What do you do when the neighborhood deer population gets out of control? Call in the snipers. Officially the practice of thinning out the herd is called “deer culling,” and it’s stirring up controversy around the country.
Usually deer culling means local sharpshooters or bow-and-arrow hunters set up shop in a stand or a motor vehicle and take aim. But many animal rights activists see deer culling as inhumane and unnecessary. Even many hunters are opposed to the idea of hiring government shooters to do the job hunters would gladly do for free. For those hunters lucky enough, they might even get to take part.
In cities and counties throughout the country, groups are clashing with their elected officials over proposed deer culls, perhaps none more divisive than in Mt. Lebanon New York where county commissioners are proposing a cull this fall.
Before another commission meeting, opponents lined the street holding signs equating a recent cull to an assassination. The county’s plans for a deer cull in February were cut short due to weather and five attempts of obstruction by animal rights activists. In 2008, commissioners in Mt. Lebanon halted a two-year program after a wounded deer from a sharpshooter died in a resident’s yard. This year, six deer were killed in 11 days.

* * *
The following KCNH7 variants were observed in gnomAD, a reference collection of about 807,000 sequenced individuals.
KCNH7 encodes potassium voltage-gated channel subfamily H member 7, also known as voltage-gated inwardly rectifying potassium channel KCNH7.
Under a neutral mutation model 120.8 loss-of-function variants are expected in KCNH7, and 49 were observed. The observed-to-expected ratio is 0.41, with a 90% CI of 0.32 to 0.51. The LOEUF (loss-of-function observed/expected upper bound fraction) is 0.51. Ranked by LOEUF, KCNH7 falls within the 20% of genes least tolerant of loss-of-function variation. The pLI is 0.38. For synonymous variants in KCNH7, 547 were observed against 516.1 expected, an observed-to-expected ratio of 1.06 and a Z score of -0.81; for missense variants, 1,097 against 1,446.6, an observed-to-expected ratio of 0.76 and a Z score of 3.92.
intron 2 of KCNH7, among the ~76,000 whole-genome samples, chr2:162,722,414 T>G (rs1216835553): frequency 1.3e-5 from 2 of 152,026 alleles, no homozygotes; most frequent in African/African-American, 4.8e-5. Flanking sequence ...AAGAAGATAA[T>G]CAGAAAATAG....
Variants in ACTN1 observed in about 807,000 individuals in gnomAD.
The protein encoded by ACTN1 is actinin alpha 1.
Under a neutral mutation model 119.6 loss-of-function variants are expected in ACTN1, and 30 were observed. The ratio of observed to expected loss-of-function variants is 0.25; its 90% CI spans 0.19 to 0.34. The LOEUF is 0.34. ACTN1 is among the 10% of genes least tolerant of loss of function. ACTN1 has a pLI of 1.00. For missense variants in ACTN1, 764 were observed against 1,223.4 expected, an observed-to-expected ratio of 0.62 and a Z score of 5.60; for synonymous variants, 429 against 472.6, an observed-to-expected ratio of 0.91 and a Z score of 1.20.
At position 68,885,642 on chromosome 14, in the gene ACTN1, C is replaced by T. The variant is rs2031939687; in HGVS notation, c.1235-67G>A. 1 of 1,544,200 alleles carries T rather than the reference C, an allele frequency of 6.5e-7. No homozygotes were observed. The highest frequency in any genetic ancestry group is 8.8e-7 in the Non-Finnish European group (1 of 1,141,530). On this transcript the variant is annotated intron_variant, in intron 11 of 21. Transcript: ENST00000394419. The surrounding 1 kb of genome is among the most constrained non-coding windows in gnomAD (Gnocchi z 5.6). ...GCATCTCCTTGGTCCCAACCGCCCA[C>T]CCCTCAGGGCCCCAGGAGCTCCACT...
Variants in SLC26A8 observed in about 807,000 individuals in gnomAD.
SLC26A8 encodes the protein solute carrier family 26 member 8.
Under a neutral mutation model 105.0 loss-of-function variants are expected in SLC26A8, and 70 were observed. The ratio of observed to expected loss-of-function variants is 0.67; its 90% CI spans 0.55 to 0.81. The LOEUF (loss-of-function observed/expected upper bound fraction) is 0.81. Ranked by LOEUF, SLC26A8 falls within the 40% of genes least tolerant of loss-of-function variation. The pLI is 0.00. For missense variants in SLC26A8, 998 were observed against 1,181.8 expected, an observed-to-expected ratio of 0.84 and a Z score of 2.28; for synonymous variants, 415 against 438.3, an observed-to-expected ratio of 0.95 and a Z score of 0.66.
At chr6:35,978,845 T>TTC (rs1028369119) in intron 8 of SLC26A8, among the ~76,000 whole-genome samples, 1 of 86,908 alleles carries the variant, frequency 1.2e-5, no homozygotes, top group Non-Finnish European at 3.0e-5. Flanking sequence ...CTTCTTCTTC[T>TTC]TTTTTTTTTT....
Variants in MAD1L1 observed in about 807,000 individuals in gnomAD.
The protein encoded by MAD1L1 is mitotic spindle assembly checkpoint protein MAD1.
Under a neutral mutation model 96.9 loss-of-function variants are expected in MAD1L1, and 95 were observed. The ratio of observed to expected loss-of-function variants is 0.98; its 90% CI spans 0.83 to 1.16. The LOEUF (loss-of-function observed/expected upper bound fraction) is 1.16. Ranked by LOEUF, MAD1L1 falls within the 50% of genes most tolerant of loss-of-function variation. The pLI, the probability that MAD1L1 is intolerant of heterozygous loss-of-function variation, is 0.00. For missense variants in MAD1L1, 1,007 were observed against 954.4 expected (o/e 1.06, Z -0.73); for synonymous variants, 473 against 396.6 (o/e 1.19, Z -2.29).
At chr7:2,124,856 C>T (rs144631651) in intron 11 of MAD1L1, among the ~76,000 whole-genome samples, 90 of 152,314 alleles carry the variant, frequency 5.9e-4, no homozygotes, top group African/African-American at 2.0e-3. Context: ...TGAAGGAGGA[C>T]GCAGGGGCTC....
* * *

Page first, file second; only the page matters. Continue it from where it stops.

“For the good of the community, we must try to reset the dialogue,” President John Bendel read from a letter at the meeting according to the Post Gazette.
In Aberdeen, Washington 430 people petitioned the Tulos Hill City Council to prevent a deer cull as part of a sheme to plant 80,000 trees in the area, reports the BBC.
A long-time deer culling program since the 1990s in Lake County, Illinois has proceeded with little opposition over the years, but not so for a similar program in Will County south of Chicago. That program drew criticism after animal rights activists installed hidden cameras that reportedly showed deer being shot but not necessarily killed. The group targeted DuPage County in the past over its tactic of using “rocket nets” to capture deer where explosives are used attached to nets as a way to corral the animals.
In Dearborn, Michigan, University of Michigan officials hired sharpshooters to target deer at their environmental center, which is normally a protected habitat on campus. The shooters killed 34 deer in several days, University spokesman Ken Kettenbeil told the Lansing State Journal. Car crashes with deer in Michigan reached nearly 50,000 in 2013, resulting in 12 deaths and 1,200 injuries, according to the Michigan Deer Crash Coalition, t.
Almost all deer culls result in lots of meat donations. In Illinois the program resulted in seven tons of ground venison. Outside Syracuse in Trumansburg a cull resulted in 1,000 pounds of venison to the area Food Bank and local organizations. They used bow and arrows to take 100 deer in recent months. Their program used tree stands at nine locations with archers who set up on private properties at safe distances from any homes.
The city’s recent culling efforts in Avon Lake Ohio have resulted in the donation of more than 600 pounds of venison to a local food bank.